CARTOONS AND PSYCHEDELICS – AUSTIN HORTON {ARTIST TO WATCH}

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Childhood cartoons, dreamy spacescapes, and psychedelic cats come to life in vivid colors in Austin Horton’s imaginative paintings. A contrast to Austin’s black and white robot series, this collection of literally mind-bending imagery is chock-ful of craziness that you’ll have to see for yourself. Read the full interview below for an exclusive look into the mind of this incredibly diverse artist.
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You’ve moved around a lot as an artist, how has each city influenced your work?
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I grew up in Florida, and that’s where I began drawing and painting in my teens. Most of my stuff at that time was real angsty, stark, industrial scenes in a sort of deco style. I really gravitated towards oppressive imagery back then. I moved to New York, and my style shifted to more abstract color fields and textures. I was selling work to a bunch of private collectors back then, mostly wall street lawyers, so I did work that appealed more to that demographic. It was a great opportunity to experiment in different styles. I would say that every place I have ever lived has greatly influenced my work.

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Are you self taught or school taught?

I work in a bunch of different mediums, some of which I picked up in college; mostly printmaking, but some, like sculpture and painting, I learned how to do on my own. (Or because I told someone I knew how to do it and then learned how to do it after I was hired.) I went to Parsons in NYC for Design Management with a fashion concentration, mainly because I wrote an essay on the history of the vibrator which got me a full scholarship.

Is painting a career or a hobby for you?

This is definitely a career, art has kept a roof over my head for the last several years and I don’t plan on stopping in my lifetime. I do however look forward to a new chapter in my career where I turn up the heat and focus on showing more frequently and producing more.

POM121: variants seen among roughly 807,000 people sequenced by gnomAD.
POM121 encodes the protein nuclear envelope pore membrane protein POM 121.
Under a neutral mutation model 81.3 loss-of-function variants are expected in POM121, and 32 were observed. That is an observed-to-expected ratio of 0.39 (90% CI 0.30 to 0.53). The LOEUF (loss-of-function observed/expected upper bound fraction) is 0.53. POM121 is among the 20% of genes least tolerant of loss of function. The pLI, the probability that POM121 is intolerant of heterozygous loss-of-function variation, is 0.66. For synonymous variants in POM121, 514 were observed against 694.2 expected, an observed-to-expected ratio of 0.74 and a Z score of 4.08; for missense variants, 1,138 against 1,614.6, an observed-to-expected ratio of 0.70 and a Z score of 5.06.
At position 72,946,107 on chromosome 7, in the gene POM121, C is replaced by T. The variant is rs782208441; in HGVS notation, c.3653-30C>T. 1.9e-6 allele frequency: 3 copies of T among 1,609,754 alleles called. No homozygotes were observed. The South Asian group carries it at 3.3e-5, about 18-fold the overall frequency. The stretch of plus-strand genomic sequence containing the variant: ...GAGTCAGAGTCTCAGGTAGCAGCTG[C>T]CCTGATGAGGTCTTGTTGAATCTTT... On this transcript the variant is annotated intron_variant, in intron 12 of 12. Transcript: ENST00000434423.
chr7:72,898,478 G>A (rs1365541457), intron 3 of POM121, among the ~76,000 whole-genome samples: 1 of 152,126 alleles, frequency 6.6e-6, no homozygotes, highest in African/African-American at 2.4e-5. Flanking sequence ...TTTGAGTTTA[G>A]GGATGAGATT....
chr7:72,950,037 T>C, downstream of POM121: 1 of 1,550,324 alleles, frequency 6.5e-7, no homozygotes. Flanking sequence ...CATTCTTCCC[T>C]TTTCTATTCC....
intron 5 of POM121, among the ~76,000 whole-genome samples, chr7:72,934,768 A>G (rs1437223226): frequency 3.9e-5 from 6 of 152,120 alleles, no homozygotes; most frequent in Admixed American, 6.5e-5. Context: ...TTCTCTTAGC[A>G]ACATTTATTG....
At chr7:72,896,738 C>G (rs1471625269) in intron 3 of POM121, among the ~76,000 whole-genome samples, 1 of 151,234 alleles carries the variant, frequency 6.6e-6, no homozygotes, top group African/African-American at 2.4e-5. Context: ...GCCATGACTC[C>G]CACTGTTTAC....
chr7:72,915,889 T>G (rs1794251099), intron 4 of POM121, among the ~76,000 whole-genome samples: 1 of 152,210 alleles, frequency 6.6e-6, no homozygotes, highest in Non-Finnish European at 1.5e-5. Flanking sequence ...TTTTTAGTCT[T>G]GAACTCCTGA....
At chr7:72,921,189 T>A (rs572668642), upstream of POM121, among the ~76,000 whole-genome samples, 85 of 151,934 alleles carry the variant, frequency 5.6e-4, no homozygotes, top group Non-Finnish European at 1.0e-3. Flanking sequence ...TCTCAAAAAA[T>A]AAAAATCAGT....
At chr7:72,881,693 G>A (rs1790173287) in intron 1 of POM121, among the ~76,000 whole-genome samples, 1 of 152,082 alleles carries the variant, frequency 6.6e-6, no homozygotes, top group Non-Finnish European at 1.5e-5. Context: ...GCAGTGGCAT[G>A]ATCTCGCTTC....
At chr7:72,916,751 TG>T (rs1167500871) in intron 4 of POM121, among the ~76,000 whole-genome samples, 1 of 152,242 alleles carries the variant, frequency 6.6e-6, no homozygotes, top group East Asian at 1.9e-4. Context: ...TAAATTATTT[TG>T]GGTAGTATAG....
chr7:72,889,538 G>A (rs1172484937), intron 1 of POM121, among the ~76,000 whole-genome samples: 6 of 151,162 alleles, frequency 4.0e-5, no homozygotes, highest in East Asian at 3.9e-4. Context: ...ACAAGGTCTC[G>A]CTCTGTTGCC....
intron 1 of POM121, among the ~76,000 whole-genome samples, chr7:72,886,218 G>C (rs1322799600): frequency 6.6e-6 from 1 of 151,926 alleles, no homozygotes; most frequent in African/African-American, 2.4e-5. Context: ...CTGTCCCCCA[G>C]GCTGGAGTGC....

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What’s your inspiration? How do you find it? 

My inspiration comes from my experience, I try to work out complex unique ideas I have had in various states of mind, and I borrow iconography from popular common sources like cartoons, old sci-fi, film which influnce my art heavily. Inspiration is kind of like love, sometimes if you’re looking too hard it will elude you. If I get into a creative block I usually switch gears and work on something else….it really helps with burnout.

If you could collaborate with any artist who would it be? What would you create?

I have fortunately had the privilege of working for and collaborating with a lot of great artists over the years, and am always open for new projects. I would really like to work on marrying installation art with event promoters to make surreal immersive experiences.

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Do you have an overall theme to your work or is each piece a separate being? What do you hope to convey with your work?